In ectothermic animals, the mechanism of cardiac e-c coupling seems to be more heterogeneous with marked species-specific differences. In many ectotherms the influx of extracellular Ca2+ through sarcolemmal (SL) L-type Ca2+ channels and/or Na+-Ca2+ exchange seems to be the sole source for cytosolic Ca2+ transient, with negligible contribution by the SR Ca2+ stores (7, 11, 26). On the other hand, more recent findings suggest that in some ectotherms Ca2+ release from the SR makes a sizeable, sometimes, perhaps even, major contribution to Ca2+ transient (2, 9, 16, 18, 19). Clearly, the significance of SR Ca2+ stores in e-c coupling strongly varies between ectothermic species.
In addition to species-specific differences, the extent of SR participation to Ca2+ transient is modified by acute and chronic temperature changes (for a recent review, see Ref. 27). For example, in rainbow trout (Oncorhynchus mykiss), an acute drop in temperature diminishes or completely abolishes the contribution of ryanodine-sensitive Ca2+ stores to e-c coupling (17), as if the function of RyRs were impaired at near-freezing temperatures. As the mammalian RyRs are known to be locked in an open state, draining the SR Ca2+ content when suddenly cooled to 0°C (21), temperature-dependent failure of Ca2+ release channels is a plausible explanation for the minor role of the SR in e-c coupling in ectothermic hearts (23). From an evolutionary perspective, it is, however, difficult to explain why a property that makes RyRs functionally incapable had been preserved in vertebrates, which are otherwise physiologically adapted to low temperatures. Indeed, it was recently shown that in the cold stenothermal fish, the burbot (Lota lota), a sizeable ryanodine (Ry)-sensitive component contraction was present at 2°C (24), thus providing strong evidence that cardiac RyRs of ectothermic animals retain some functionality in the cold. The finding that chronic exposure of fish to low temperatures increases the contribution of cardiac SR Ca2+ stores to contractile activation (1, 10) contradicts the concept that RyRs completely fail in the cold. Therefore, the objective of the present study was to test the hypothesis that the gating of cardiac RyRs has different thermal sensitivity in ectothermic and endothermic animals, which accounts for the divergent behavior of the SR at low temperatures. Ca2+ release channel gating was probed by [3H]ryanodine binding in burbot hearts that retain SR function at 2°C (24) and compared with that of the endothermic rat.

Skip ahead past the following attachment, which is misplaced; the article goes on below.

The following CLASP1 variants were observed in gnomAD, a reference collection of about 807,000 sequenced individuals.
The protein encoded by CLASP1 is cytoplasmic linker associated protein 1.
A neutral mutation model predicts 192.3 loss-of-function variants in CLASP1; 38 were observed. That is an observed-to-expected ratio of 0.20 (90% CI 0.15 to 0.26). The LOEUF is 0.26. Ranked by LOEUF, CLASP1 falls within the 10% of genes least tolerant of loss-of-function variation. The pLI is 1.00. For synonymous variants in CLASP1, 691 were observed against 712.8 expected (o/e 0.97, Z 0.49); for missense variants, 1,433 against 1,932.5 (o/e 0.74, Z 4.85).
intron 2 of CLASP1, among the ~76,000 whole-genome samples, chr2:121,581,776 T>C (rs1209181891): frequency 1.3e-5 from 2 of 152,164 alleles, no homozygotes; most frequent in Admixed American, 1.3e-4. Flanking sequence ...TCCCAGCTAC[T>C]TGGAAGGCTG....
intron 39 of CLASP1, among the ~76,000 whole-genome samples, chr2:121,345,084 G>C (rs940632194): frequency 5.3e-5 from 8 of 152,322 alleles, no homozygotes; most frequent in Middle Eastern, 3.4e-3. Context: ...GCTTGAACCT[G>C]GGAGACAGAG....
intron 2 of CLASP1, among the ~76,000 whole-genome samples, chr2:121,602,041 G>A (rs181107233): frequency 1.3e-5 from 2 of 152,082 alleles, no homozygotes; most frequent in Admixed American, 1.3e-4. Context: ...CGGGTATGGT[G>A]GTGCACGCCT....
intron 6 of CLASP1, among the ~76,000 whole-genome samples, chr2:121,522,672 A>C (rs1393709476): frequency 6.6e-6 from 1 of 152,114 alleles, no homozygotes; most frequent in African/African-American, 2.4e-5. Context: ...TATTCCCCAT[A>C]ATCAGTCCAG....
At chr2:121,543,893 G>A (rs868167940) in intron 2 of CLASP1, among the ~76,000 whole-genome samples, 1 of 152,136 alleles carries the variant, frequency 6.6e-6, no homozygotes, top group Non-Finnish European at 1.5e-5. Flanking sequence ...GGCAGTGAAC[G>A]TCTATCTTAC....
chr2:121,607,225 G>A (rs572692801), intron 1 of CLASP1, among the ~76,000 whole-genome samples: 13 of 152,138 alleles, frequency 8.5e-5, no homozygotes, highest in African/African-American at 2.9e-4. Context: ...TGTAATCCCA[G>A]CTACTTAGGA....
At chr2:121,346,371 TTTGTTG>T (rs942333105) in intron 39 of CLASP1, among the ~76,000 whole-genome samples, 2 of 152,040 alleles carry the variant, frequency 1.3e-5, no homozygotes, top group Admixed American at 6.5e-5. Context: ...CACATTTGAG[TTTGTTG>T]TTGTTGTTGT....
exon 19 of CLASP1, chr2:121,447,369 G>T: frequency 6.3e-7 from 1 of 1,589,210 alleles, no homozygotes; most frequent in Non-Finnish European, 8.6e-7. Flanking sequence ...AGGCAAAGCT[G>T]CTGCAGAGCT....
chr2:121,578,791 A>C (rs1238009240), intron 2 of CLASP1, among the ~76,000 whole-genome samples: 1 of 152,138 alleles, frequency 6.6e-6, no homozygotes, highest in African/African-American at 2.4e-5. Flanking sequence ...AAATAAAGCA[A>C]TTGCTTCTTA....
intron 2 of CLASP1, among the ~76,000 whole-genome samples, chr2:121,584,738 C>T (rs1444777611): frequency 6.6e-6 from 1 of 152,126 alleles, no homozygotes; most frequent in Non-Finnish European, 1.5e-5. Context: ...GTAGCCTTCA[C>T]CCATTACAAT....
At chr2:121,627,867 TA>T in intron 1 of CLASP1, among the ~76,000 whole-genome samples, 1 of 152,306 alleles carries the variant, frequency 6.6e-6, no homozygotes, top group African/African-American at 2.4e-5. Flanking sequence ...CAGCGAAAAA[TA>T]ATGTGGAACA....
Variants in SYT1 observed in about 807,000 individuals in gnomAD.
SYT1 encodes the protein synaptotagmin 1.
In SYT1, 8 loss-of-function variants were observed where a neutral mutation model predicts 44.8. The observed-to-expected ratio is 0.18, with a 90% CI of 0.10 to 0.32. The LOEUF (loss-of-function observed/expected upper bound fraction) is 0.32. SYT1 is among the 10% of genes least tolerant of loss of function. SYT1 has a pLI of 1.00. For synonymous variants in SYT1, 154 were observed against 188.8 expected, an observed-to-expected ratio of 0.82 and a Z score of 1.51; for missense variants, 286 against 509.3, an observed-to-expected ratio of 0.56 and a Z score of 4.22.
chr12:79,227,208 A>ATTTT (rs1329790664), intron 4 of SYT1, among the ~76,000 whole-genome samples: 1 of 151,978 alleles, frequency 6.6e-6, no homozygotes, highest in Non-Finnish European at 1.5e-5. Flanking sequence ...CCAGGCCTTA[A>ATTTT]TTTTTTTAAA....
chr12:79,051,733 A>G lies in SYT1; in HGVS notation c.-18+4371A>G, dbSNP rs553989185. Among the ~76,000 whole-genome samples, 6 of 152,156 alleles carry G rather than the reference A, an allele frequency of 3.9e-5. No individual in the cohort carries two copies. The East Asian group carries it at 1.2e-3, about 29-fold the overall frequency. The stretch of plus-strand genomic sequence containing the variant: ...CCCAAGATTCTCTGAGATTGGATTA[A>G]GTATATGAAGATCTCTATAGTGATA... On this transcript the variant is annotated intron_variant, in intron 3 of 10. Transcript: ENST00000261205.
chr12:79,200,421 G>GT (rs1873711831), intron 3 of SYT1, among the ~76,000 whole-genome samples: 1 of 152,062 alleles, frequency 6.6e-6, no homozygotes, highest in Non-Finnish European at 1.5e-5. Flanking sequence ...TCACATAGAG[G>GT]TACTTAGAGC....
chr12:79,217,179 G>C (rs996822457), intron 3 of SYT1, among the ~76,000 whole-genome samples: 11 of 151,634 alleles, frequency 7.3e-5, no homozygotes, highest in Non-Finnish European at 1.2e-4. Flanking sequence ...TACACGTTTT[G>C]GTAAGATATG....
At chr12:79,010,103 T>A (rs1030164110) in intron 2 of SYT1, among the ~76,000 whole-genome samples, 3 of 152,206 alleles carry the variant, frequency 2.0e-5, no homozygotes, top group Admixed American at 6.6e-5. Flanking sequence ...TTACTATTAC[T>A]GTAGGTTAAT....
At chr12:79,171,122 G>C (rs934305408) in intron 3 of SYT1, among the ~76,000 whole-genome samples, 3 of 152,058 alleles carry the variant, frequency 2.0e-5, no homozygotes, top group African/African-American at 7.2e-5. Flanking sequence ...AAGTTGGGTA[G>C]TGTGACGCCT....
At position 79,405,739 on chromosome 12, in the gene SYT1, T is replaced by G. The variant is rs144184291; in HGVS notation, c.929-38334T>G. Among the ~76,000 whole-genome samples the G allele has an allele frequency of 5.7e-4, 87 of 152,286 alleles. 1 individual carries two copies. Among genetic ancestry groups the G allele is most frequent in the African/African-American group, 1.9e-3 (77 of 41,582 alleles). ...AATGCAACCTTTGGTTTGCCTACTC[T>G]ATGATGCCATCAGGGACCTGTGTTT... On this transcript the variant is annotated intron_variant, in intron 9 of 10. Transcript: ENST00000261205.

MATERIALS AND METHODS